A data-driven company is an organization that has integrated data analytics into the core of its business processes and uses the insights that gain from this data to transform its processes. Its key characteristics include a focus on automation, continuous improvement and optimization, the ability to anticipate internal and external changes, an adaptive mindset, and above all, a culture that fully embraces data and its potential.
Building data-driven businesses requires more than just integrating business intelligence and hiring data scientists on staff. Fortunately, there are common characteristics of a data-driven organization to be considered by business owners.
10 key steps to achieve a data-driven culture
Proper preparation, evaluation, planning, action, measurement and, above all, communication must be applied to each of the practices that we present below, as they will greatly improve your chances of success.
- Have a robust and mature data technology. A data integration platform is necessary, together with expert capacities in such technologies to support the process.
- Be open to the outside. Take advantage of alternative external data sources and combine them with internal data sources to enrich the data. It is key to learn what other organizations and industries are doing with the data, to broaden the focus and innovate.
- Achieve data fluency. It consists of gathering all the data in a single place, which allows employees and departments to connect and make use of it. Transparency, fluidity, and ease of connection will add value to all departments. All this is achieved by standardizing data, processes, tools and even terms. In this way, information will flow transparently more effectively, and employees will become familiar with the most fundamental part of the data: Where they are and how to use them appropriately.
- Don’t isolate data scientists. It is necessary to expand the functions of this department to the entire company. To do this, new business skills must be created in the organization and there must be a direct relationship between the different parties. The CDO (Chief Data Officer) must become a problem solver with both a business perspective and a data analytics perspective. One example is partnering the CDO with the CFO (Chief Financial Officer) to formally give value to the organization’s information assets to improve data management and benefits.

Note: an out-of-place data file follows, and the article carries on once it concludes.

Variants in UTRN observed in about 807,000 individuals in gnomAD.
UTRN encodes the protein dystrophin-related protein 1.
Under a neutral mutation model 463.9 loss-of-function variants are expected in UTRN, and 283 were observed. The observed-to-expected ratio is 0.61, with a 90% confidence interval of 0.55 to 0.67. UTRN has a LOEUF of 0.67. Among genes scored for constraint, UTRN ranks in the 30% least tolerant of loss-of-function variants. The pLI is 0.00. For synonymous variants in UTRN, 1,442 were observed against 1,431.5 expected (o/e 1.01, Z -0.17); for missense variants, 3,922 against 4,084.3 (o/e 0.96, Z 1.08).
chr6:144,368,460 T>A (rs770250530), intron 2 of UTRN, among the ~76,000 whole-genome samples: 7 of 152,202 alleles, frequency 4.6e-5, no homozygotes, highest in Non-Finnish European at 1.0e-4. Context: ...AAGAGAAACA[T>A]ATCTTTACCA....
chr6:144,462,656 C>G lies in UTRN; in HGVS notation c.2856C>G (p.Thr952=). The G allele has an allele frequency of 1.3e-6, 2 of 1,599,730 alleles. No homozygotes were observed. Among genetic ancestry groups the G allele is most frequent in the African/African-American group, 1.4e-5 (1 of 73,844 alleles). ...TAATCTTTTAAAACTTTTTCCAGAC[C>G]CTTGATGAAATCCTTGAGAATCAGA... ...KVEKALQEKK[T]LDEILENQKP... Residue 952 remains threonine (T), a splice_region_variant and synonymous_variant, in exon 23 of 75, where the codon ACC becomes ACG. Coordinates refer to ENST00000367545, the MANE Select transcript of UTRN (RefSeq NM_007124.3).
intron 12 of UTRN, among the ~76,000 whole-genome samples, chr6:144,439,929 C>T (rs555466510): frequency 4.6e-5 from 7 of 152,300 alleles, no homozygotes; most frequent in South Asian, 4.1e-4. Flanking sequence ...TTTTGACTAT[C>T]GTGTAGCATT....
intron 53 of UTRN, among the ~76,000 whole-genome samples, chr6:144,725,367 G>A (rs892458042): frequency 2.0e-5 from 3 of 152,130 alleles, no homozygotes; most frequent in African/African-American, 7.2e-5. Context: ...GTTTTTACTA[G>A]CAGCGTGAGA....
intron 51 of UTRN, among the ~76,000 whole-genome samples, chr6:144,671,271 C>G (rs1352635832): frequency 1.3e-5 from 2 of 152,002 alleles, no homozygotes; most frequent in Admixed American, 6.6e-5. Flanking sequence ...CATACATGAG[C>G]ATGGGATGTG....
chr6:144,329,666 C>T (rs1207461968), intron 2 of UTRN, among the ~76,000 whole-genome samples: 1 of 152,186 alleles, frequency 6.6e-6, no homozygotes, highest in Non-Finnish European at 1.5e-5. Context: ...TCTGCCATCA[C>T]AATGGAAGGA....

- Address the cultural change impacts of a data-driven approach. This needs to happen early on, so that the team understands that the change is necessary. Be explicit about how data influences different decision-making styles and communicate the benefits it will bring to employees. Benefits such as saving time, helping to avoid rework, or getting frequently needed information will motivate them and employees will be more proactive when dealing with it.
- Data literacy capacity. A necessary step is to establish specialized training at all levels of the company so that reading, working, analyzing, and discussing data is not a problem. All employees must be able to ‘converse’ with data. Leaders involved in decision making must go further, have coding knowledge, and be conceptually fluent in quantitative issues; especially leaders involved in strategy, who must internalize the expectation that data assets are there to be shared.
- Identify and communicate the business value of data. Information must be measurable to be valued. Metrics must be chosen carefully considering the nature of the data and the end goal of the data. The information must be treated as an asset, being necessary to have a strict control on the origin and the consumption of the data.
- Address the ethical implications of data and analysis. Both internally and externally, it is necessary a code of conduct that defines ethical guidelines for the use of data and analysis. Spend time balancing the benefits of data and analytics with the ethical and privacy risks it poses. Knowing the trust expectations of all parties involved will help not to upset the balance.
- Troubleshoot basic data access problems. It is by far the most common complaint from employees when it comes to obtaining even the most essential information. Don’t let this happen right now and make sure data access within your company works as it should. The democratization of data is the key for the different parties to make decisions based on tangible data, easy to understand and focused on the business.
- Traceability of uncertainty levels. Demand teams to be explicit and consistently report their levels of uncertainty quantitatively. In this way, managers will be able to directly face the possible sources of uncertainty and will be able to rigorously evaluate the reasons for acting in response to them.